After getting past the Pittsburgh Penguins in Round 1 despite not playing their best hockey, the New York Islanders have found their game and so has Mathew Barzal. That spells trouble for the Boston Bruins, who after a dominant win in the series opener have allowed the Islanders to tie the series twice.
Boston must win Monday night to avoid facing elimination on Wednesday at Nassau Coliseum. The pressure is on the home team, but the Bruins should be optimistic about their chances BetMGM lists them as -185 favorites on the moneyline in Game 5. However, is there value in laying $1.85 to win $1 here? I would have said yes a week ago, but now I’m not as confident in my prior assessment of the series for a number of reasons.
By my eye, the Islanders have improved their play in the neutral zone and have been advancing into the offensive zone more effectively than they had been at the start of the series. This, along with their ability to force the Bruins’ best shooters to the perimeter, is a big reason why the series is tied.
The Islanders were awful in the series opener, and they still haven’t dominated a game the way the Bruins did that game, but the three subsequent tilts have been very evenly matched. Sure, the Bruins have had a pretty significant edge in shot attempts during five-on-five play, but outside of the first game, in which they held the Islanders to just 13 scoring chances while generating 38 themselves, the Islanders have kept it close. They’ve owned 47 percent of the five-on-five scoring chances since then, according to hockey stats website Natural Stat Trick.
Viewing the games through the lens of Evolving Hockey’s expected goals tells a similar story. Expected-goals models judge each unblocked shot attempt based on a number of variables to determine the likelihood of a shot finding the back of the net. Shot location is a big one, but shot type and angle are also taken into account. Some models even factor in things such as rebounds and whether a shot was off a rush.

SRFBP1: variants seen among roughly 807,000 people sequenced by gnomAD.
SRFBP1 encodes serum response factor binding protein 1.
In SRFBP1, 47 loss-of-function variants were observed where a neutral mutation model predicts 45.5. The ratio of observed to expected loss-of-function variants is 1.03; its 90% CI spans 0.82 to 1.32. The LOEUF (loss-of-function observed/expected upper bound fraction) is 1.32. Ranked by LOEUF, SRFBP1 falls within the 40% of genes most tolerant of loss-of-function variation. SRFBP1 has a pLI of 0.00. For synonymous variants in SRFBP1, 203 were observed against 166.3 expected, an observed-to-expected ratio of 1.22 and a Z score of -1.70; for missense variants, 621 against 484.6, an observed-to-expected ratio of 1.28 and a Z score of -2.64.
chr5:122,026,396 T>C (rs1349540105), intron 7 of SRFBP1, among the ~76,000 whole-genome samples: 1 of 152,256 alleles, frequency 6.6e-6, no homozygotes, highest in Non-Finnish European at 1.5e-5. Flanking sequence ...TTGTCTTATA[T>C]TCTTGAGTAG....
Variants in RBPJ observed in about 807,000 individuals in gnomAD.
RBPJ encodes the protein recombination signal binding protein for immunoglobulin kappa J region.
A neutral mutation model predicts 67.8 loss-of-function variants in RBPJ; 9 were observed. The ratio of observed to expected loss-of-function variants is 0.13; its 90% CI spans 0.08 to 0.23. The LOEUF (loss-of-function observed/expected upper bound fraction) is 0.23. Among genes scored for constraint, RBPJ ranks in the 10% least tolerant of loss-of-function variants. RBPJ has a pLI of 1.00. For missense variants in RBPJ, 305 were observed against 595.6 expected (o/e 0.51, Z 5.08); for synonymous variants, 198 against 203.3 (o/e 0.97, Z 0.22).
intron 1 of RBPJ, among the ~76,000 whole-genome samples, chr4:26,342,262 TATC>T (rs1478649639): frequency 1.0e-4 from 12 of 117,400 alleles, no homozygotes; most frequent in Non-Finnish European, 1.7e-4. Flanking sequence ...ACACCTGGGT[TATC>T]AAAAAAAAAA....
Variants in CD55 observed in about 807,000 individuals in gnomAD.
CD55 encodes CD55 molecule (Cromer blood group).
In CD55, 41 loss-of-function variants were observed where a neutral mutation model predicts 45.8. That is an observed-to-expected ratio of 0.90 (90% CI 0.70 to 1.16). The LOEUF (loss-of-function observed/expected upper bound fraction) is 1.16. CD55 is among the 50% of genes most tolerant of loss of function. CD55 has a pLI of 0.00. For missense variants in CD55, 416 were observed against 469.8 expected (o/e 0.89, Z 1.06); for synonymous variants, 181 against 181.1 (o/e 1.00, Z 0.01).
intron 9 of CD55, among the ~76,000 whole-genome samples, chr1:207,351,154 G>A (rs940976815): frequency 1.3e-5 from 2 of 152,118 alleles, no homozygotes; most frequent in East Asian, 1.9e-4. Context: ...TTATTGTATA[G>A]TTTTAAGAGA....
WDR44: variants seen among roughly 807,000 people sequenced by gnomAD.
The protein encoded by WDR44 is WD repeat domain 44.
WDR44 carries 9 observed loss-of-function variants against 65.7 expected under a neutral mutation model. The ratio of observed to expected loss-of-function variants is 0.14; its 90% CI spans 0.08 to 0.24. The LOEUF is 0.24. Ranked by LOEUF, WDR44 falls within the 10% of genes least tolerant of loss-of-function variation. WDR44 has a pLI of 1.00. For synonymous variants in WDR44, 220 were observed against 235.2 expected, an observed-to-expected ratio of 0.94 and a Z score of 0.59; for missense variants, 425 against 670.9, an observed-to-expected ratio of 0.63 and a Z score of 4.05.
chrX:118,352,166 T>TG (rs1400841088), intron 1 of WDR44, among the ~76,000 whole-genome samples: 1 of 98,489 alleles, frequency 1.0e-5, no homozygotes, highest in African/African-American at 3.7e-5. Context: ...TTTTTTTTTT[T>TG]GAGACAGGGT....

At five-on-five, the Bruins have controlled more than 53 percent of expected goals in the series, but that number is skewed heavily because of just how bad the Islanders were in the first game. In Games 2-4, the Islanders have generated approximately 53 percent of expected goals. Of course, this has a lot to do with the way head coach Barry Trotz matches his lines on home ice. Bruce Cassidy will be dictating the matchups on Monday.
Bettors should expect the Bruins to play some of their best hockey of the series, but it’s likely they’ve already played their best game. The Islanders will likely never be as bad as they were in the series opener, and they’ve been pretty good since. From a numbers standpoint, I believe the game odds are fair, because the Bruins have been the better team over a larger sample of games dating back to the trade deadline.
However, if we’re restricting ourselves to using data from this series and this series alone, we shouldn’t expect either team to have a huge edge over the other in any one category. If you’re picking a side, don’t overthink it and take the ’dog at +165. As of right now, the Bruins are without two key defenders in Kevan Miller and Brandon Carlo, and it’s well known that goaltender Tuukka Rask is dealing with a nagging injury. It’s impossible to justify laying a big price with the home team here.